Feeding the horses at the farm is a little bit different from feeding the horses up at the ranch in the winter. For starters, we have about 150 horses in the field, rather than 30, so that means a lot more hay piled on the truck! I normally feed the horses on my own when I am at the farm, but given my slow recovery from knee surgery, I can not yet throw a whole bunch of hay bales onto the truck. I can toss a few, but then I start to get sore. As a result, Richard is loading most of the hay bales for me each morning– kind man!
We feed the herd of horses a mix of alfalfa hay, grass hay and oat hay everyday around 9:30 am. We have to contend with the deer, who are constantly eating the stacks of alfalfa. To prevent further decimation, Richard put up a fence around the edge of the stacks of delicious, high quality alfalfa to keep the deer out. They do not bother to eat the lesser alfalfa, the grass hay or the oats. Very spoiled deer:
You can see how much narrower the stack is at the front. This is not because we used those bales of hay– it is because the deer ate them! Nothing was left of them but the hay strings! Richard’s new system of panels is working beautifully to keep them out. He does occasionally have to replace the poles that are holding the sides of the stack up when they fall:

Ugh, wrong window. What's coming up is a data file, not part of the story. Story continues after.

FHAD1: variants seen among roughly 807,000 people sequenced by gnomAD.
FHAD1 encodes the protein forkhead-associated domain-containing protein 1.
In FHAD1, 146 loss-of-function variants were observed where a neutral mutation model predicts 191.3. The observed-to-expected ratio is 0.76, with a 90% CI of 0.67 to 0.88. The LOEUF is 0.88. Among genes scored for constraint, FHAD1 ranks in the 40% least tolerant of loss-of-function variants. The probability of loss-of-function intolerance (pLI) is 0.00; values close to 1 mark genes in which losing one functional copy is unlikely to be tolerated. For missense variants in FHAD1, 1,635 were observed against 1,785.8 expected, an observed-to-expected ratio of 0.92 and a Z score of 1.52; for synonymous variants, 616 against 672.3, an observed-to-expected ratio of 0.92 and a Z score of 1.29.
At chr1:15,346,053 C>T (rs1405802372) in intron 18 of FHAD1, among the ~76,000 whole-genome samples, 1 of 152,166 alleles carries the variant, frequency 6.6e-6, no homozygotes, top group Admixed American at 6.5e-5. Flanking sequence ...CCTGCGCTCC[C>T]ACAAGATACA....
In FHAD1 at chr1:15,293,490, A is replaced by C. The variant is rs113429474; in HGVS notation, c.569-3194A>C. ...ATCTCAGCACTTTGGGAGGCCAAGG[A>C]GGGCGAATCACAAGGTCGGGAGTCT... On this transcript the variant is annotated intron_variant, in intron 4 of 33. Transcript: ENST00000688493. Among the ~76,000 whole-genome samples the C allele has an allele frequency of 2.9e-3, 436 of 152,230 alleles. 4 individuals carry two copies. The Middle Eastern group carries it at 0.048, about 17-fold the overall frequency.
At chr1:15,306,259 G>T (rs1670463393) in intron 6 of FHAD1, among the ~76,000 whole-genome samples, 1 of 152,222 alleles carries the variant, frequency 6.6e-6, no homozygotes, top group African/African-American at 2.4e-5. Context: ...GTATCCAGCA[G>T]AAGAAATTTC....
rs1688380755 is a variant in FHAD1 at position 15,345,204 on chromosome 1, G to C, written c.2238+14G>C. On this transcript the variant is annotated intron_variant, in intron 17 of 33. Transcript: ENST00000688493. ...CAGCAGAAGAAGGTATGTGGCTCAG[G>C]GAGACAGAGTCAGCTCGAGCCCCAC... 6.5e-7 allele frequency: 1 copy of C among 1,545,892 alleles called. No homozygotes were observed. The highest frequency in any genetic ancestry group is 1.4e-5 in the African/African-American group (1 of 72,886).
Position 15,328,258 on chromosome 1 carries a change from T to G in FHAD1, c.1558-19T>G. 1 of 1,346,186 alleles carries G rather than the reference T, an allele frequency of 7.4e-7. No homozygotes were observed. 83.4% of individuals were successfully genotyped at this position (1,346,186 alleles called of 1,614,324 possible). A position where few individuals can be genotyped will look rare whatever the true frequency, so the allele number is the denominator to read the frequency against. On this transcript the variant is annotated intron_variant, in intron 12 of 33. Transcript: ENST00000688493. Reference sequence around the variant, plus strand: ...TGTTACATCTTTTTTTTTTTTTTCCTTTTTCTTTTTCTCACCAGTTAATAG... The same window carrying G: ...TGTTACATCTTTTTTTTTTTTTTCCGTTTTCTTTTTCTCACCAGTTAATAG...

Here is Richard, kindly loading the 30 bales of hay:
This is how Whistle spends her time while we load hay. Running:
From one stack of irrigation pipe:
Notice her head in the pipe– that’s her favorite position!
After Whistle has explored the pipe and Richard has loaded the hay, we make the short drive to the horses’ pasture. Here I am cutting hay string:
Getting ready to toss hay:
And tossing hay (Richard took a quick series of pictures, didn’t he?!):
When I toss, I try to spread out the hay as much as possible, so that the horses are not eating in close quarters, as that is a recipe for disaster. Today throwing hay was a pleasure because it was still. On windy days, I finish the job looking like a Hay Monster, covered from head to toe with hay and dust. After I feed them, I drive back through all of the horses to take a closer look at each one. I check for changes in weight, injuries, lameness and strange behavior. I also stop to give my favorites a pat. Sometimes I stop for a little fun:
Here I am on Aztec, who is such a funny horse. He absolutely loves it when I mount him bareback with nothing on his head. He grazes, or eats hay contentedly, and he will boss other horses around much more than he normally does. It is as if, with a person on his back, he feels like he is more of a tough guy. I know he loves it because if he sees me far away, he’ll walk right over to me and stand patiently while I jump on his back from the ground (not a graceful sight, I can assure you!). Today, with the bum knee, I had help from Richard with a leg-up. Also not a graceful sight!